Advanced high-technology communications has brought significant changes to language presentation. Considering the role of written languages and their evolution, this paper discusses the materiality of language, particularly the increased visuality of written Japanese in socio-cultural and psychological contexts. An incorporation of graphics into linguistic presentations (e.g., picturisation of letters and characterisation of graphics) is a prevailing, current phenomenon. Graphic symbols (e.g., emoticons) have increasingly come to express writers' feelings in electronic communications. New graphic writings have also come into existence. This is exemplified by girls' stylised letters/characters, born in a fusion of social, cultural, historical and psychological changes: the demand for efficiency, commercialisation and the fictionality derived from writers' desires for self-expression, conformity and anonymity. The intensified visuality in linguistic presentations indicates that today's written discourses convey less intellectual information and more aesthetic and/or emotional values. This certainly reflects this period of excessive information. I suggest, however, the strong visual performance of Japanese writing is intrinsic. There is a marked similarity between today's writing and that of the Heian period (794-1192), in terms of aesthetics and psychologies. We write to communicate with others and ourselves, therefore the exploration of writing styles shows a cross-section of our social and mental activities.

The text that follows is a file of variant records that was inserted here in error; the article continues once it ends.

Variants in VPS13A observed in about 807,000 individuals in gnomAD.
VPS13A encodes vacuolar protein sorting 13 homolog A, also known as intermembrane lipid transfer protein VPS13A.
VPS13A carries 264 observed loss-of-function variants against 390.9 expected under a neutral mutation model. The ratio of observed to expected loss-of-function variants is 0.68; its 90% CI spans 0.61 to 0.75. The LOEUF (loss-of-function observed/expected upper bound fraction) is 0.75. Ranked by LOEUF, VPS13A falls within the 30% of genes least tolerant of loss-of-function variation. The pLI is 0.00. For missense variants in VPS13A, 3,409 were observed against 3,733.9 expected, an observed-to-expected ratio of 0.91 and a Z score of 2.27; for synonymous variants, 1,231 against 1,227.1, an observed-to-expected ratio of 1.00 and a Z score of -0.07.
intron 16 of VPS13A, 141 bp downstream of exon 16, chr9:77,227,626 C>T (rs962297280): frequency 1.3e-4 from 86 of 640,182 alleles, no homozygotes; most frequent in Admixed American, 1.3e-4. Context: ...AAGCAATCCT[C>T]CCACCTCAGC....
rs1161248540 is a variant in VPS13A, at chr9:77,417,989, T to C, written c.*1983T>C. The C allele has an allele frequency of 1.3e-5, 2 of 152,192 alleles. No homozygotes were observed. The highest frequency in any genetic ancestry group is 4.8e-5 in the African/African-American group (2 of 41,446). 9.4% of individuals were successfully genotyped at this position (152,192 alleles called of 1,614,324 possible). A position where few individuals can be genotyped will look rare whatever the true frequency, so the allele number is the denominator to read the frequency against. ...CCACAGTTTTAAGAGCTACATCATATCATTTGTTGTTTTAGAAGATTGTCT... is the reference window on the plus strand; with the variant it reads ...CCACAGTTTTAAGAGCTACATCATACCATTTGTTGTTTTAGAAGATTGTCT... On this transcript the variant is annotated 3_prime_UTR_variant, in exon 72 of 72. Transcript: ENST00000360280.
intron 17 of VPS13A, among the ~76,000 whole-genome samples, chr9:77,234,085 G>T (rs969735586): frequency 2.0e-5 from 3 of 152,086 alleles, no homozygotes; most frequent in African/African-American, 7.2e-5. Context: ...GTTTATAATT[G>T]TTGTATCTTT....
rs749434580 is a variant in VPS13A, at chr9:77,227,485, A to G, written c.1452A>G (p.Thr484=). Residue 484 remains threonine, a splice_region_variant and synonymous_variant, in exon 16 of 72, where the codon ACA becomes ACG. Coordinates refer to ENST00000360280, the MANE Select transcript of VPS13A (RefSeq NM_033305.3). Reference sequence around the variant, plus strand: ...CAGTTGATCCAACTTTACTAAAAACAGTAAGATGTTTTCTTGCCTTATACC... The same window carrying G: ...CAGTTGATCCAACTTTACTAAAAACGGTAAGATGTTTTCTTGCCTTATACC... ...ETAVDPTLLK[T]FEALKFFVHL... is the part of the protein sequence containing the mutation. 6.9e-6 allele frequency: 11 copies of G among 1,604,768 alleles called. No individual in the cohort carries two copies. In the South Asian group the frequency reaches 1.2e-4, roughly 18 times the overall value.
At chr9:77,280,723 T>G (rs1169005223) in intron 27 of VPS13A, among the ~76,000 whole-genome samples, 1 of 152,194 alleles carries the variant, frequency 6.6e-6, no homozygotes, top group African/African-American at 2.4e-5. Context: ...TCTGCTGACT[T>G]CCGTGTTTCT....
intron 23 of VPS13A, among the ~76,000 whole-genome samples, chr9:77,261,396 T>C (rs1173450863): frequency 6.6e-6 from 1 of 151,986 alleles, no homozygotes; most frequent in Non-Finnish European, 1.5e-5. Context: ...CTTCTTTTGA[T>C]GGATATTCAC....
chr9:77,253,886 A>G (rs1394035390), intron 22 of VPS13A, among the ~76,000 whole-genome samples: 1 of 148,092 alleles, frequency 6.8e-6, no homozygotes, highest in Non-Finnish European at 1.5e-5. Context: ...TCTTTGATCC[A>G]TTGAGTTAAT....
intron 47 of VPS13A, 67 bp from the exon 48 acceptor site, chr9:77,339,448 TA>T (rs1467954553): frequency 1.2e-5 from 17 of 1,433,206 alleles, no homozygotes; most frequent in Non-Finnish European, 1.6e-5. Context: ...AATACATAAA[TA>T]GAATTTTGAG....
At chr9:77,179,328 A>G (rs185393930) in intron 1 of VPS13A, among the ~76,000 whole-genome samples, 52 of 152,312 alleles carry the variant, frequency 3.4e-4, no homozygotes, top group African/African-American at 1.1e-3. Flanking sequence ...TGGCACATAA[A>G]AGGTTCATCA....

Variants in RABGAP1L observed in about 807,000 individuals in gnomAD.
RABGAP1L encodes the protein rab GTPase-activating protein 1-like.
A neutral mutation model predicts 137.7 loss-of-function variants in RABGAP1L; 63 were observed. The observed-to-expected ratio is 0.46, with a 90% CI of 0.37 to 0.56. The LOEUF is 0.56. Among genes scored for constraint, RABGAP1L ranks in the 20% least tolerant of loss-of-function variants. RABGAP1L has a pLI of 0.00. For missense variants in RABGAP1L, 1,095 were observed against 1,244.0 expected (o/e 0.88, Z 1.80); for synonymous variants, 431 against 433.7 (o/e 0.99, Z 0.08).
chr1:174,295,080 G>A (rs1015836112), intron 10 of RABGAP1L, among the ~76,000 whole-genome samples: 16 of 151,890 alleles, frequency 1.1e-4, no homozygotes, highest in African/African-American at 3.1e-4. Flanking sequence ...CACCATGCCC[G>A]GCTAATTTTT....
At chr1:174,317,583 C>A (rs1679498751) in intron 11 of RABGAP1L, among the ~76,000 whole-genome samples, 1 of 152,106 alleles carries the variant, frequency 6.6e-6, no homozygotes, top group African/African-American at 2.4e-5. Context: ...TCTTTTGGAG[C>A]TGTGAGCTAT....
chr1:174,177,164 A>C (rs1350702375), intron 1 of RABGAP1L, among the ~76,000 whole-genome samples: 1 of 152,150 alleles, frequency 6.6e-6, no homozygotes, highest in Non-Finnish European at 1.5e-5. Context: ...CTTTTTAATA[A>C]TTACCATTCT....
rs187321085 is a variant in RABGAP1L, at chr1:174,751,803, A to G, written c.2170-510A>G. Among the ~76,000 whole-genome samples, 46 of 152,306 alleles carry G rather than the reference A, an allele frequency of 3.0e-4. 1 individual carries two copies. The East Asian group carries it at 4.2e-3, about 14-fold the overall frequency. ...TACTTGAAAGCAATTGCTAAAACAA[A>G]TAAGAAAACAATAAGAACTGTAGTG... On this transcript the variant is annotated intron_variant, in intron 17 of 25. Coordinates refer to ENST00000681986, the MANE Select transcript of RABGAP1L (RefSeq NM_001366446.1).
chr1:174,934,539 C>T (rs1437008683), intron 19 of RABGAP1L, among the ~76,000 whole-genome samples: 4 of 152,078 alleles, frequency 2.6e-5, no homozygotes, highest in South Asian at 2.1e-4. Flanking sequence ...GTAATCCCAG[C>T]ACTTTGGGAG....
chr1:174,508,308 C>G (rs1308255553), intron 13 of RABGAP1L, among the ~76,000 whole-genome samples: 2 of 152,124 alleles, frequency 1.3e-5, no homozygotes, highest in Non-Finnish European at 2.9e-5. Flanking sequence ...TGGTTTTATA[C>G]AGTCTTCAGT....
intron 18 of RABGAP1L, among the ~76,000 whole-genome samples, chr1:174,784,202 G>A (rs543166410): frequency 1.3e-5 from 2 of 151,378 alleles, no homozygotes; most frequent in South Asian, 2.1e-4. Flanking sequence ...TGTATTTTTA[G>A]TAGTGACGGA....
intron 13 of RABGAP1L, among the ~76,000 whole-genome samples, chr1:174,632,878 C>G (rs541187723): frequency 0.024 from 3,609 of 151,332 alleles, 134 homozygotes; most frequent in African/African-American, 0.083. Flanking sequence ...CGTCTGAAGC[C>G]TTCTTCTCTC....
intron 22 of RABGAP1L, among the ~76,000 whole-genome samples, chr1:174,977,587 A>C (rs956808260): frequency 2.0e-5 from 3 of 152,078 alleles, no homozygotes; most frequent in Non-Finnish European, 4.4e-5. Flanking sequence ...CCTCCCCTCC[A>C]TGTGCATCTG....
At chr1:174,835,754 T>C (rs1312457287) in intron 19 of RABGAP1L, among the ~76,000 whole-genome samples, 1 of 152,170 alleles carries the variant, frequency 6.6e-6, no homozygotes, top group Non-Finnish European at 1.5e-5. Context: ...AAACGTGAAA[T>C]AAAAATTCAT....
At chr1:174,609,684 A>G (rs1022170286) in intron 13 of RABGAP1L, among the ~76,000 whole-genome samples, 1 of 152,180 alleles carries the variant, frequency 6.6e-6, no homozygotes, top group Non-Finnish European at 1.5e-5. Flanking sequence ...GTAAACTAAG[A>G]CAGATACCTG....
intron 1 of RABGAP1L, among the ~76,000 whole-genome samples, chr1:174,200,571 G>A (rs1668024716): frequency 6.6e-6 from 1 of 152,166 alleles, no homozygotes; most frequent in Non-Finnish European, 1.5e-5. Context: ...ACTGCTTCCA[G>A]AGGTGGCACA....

|Title of host publication||Proceedings of a conference held in 2003 on language education in Australian and New Zealand universities|
|Place of Publication||Melbourne|
|Publisher||The University of Melbourne, School of Languages|
|Number of pages||17|
|Publication status||Published - 2004|
|Event||Marking Our Difference Conference 2003 - Melbourne|
Duration: 1 Oct 2003 → 3 Oct 2003
|Conference||Marking Our Difference Conference 2003|
|Period||1/10/03 → 3/10/03|
Bryce, M. (2004). Visuality of writing in our modern world of multimedia and mass communication: focusing on the written Japanese. In G. Wigglesworth (Ed.), Proceedings of a conference held in 2003 on language education in Australian and New Zealand universities (pp. 238-254). Melbourne: The University of Melbourne, School of Languages.